My refrigerator is plugged into an outlet that is on the end of a series of three GFCI protected outlets that uses the first outlet to protect all three. The refrigerator manual says it should not be plugged into a GFCI outlet. Can I remove the GFCI protection from that last outlet?
Can I remove the GFCI protection from a final outlet in a series of three GFCI protected outlets?
1The only way to do this is to replace outlet 2 and 3 with a GFCI. You would then re-wire outlet #1 to only protect itself. (PS - not sure if the fridge is outlet 3 or is a fourth outlet. If the fridge is outlet 3, then you only need a new GFCI at outlet 2)– TysonSep 7, 2016 at 15:20
1@Tyson Sounds like an answer.– bibSep 7, 2016 at 15:53
It should not be plugged into a GFCI outlet brcause if another load trips the GFCI, your food will spoil. Worse, whoever finds the GFCI tripped may reset it, not realizing it also tripped the refrigerator. The fridge will re-chill and subsequent family members will find cold food in the fridge as expected, unbeknownst that it has spoiled, and eat it, getting sick.– Harper - Reinstate MonicaSep 7, 2016 at 19:12
@Tyson oops, I failed to read all comments and wrote an answer which largely replicates your comment-that-would-make-a-good-answer without realising I was doing so. I encourage you to make an answer out of it even if it duplicates mine.– Harper - Reinstate MonicaSep 7, 2016 at 19:31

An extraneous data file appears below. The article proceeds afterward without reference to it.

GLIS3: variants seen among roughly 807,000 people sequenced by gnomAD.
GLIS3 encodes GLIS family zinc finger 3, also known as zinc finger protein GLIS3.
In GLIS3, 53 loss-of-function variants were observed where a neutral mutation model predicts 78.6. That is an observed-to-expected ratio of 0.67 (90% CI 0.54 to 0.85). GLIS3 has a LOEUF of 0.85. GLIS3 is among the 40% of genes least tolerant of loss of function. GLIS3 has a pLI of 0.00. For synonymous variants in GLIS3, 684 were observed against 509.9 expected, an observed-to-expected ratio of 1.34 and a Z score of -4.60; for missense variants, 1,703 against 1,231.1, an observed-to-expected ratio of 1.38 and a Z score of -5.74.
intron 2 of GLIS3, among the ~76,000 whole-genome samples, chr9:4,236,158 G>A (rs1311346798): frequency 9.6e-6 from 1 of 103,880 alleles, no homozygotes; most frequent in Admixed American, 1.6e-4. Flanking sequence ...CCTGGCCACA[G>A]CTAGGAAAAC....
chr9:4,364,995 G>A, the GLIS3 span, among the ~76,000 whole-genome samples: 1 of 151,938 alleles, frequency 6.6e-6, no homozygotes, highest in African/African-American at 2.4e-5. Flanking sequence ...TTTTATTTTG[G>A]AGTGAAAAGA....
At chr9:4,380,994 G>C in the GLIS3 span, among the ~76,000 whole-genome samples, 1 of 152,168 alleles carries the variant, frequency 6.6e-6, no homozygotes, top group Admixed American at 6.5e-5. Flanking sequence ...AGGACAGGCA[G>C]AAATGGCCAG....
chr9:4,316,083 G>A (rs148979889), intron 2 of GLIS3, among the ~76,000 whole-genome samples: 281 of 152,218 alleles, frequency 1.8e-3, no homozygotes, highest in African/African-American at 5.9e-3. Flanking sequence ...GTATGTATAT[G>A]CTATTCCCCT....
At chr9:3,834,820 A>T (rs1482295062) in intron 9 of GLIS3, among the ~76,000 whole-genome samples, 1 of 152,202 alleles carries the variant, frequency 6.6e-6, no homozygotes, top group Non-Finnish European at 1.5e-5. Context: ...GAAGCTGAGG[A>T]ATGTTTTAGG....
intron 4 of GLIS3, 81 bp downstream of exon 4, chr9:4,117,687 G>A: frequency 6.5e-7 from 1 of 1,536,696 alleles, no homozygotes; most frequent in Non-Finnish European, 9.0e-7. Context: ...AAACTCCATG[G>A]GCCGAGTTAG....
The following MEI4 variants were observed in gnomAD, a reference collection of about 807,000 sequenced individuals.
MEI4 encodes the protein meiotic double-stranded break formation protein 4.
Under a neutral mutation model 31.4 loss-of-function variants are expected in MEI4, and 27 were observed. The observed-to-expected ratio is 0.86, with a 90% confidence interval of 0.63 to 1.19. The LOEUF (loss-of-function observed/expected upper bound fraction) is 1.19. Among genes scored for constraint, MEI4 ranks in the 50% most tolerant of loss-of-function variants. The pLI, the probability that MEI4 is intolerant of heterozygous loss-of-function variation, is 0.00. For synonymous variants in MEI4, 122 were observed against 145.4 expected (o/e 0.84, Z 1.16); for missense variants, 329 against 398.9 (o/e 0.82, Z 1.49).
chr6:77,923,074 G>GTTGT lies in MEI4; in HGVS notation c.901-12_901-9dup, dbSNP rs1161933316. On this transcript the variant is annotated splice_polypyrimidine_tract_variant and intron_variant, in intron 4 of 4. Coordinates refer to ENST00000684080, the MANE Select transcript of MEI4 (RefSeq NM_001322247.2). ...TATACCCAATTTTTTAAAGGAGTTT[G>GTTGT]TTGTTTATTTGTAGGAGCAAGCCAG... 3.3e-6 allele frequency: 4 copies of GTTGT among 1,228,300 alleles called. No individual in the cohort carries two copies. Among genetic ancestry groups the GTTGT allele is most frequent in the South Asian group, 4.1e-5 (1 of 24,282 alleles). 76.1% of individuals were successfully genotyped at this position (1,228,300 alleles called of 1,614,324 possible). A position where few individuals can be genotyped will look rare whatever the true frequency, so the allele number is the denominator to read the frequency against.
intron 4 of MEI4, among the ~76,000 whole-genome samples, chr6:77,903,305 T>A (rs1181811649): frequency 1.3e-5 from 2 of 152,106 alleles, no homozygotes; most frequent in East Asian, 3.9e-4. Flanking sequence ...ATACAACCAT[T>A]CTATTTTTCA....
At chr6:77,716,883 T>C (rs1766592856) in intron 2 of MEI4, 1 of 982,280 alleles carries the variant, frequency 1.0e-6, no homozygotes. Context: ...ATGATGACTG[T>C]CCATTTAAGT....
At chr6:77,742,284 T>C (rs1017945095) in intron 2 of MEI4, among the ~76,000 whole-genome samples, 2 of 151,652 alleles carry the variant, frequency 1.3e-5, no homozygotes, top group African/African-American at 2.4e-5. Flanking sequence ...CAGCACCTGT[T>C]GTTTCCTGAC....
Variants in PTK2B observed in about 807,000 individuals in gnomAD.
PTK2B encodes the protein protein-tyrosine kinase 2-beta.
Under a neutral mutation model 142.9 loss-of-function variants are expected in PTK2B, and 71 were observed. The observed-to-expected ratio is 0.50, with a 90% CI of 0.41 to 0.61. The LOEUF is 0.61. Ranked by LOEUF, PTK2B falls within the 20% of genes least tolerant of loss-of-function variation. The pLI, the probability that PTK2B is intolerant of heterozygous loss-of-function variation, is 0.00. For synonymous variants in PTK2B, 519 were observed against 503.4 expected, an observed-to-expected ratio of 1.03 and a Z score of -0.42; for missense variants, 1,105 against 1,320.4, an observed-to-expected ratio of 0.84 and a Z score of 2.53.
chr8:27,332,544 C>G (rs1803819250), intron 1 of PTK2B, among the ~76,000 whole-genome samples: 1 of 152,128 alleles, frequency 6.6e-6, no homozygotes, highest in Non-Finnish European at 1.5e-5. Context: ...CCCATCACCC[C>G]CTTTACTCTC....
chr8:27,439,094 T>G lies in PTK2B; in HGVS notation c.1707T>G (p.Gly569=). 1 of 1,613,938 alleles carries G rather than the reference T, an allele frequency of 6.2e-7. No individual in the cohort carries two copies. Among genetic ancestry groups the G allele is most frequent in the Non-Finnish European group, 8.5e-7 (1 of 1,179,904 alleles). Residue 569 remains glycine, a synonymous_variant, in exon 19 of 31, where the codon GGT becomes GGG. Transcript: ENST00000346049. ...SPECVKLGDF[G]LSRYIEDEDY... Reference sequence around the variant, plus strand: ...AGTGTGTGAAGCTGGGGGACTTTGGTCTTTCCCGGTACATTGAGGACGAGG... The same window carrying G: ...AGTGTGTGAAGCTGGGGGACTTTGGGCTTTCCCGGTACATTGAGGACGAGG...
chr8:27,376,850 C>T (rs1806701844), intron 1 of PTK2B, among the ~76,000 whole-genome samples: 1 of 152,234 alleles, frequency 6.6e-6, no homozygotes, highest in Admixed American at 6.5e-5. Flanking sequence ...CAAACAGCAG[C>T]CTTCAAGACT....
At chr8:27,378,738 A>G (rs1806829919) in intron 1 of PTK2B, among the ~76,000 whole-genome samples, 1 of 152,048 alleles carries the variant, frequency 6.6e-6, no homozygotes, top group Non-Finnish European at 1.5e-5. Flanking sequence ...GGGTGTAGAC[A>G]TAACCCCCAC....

Personal preference - a refrigerator (or freezer) is best put on its very own circuit breaker with nothing else sharing the circuit. But that will involve rewiring.– EcnerwalSep 8, 2016 at 3:12
Yes, it can be done.
The way it currently is: On the GFCI, power comes into the
line terminals. There are two
load terminals which let you use the GFCI's protection on downstream outlets. That is exactly how your downstream outlets are connected.
What to do: defeat this protection by moving the downstream outlets' wires to the
line terminals. Except you can't put 2 wires on one terminal screw, and don't use backstabs, so pigtail this connection.
Ok, now the middle and refrigerator outlets are not protected. The law requires the middle outlet be protected. You'll need to buy another GFCI outlet and hook it up in same fashion so the refrigerator outlet is still not protected.
Lastly I would look at the refrigerator's outlet. Where is it? If it's a duplex outlet (the usual 2 outlets) in an accessible location, that's a problem, because it will be tempting for someone to use the other outlet. They could get a real shock when they discover it's not GFCI protected.
It might be possible to get a fancydancy split GFCI that only protects one outlet. But rather than fool around with that, I'd just get a single outlet for that location, so there's simply not room for anything but the fridge.
No. You'd need to branch it earlier in the circuit or pull from another circuit. However, the manual probably mentions that only to avoid nuisance trips. If your refrigerator runs fine on the outlet, I wouldn't worry about it. Read more
2It trips the GFCI occasionally. I don't want to have that happen when I'm gone and ruin all the food in the frig.– kimSep 7, 2016 at 15:02